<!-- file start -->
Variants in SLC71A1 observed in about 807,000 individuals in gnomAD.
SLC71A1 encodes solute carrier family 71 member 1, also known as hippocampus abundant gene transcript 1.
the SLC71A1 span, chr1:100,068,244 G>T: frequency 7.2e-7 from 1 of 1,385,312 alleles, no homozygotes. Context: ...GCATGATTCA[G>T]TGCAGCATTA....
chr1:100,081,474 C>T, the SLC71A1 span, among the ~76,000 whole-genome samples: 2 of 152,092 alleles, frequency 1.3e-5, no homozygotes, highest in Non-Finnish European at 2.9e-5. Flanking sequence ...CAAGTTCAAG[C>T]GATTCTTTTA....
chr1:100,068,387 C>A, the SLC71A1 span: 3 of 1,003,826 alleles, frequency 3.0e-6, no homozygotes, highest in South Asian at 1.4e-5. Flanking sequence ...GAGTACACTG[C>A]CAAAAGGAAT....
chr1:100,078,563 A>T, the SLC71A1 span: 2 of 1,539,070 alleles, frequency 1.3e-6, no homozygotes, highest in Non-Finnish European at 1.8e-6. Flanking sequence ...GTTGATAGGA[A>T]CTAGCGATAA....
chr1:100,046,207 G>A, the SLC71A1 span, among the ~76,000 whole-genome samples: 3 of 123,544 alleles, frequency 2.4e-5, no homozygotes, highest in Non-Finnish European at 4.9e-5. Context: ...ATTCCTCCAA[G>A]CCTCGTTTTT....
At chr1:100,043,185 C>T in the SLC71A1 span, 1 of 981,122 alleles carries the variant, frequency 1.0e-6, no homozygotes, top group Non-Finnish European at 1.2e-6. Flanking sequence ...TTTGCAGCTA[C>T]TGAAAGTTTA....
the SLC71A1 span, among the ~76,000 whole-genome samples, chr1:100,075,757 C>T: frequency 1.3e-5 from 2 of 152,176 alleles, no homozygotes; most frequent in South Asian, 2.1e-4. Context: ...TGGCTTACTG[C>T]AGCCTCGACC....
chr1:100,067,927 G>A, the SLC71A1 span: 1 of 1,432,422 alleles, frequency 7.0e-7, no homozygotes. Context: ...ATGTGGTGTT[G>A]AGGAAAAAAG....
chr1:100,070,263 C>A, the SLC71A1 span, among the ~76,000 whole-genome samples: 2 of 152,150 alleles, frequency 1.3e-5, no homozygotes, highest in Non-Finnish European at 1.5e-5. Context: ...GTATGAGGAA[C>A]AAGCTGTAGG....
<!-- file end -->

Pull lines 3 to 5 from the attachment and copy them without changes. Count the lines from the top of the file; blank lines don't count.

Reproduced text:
the SLC71A1 span, chr1:100,068,244 G>T: frequency 7.2e-7 from 1 of 1,385,312 alleles, no homozygotes. Context: ...GCATGATTCA[G>T]TGCAGCATTA....
chr1:100,081,474 C>T, the SLC71A1 span, among the ~76,000 whole-genome samples: 2 of 152,092 alleles, frequency 1.3e-5, no homozygotes, highest in Non-Finnish European at 2.9e-5. Flanking sequence ...CAAGTTCAAG[C>T]GATTCTTTTA....
chr1:100,068,387 C>A, the SLC71A1 span: 3 of 1,003,826 alleles, frequency 3.0e-6, no homozygotes, highest in South Asian at 1.4e-5. Flanking sequence ...GAGTACACTG[C>A]CAAAAGGAAT....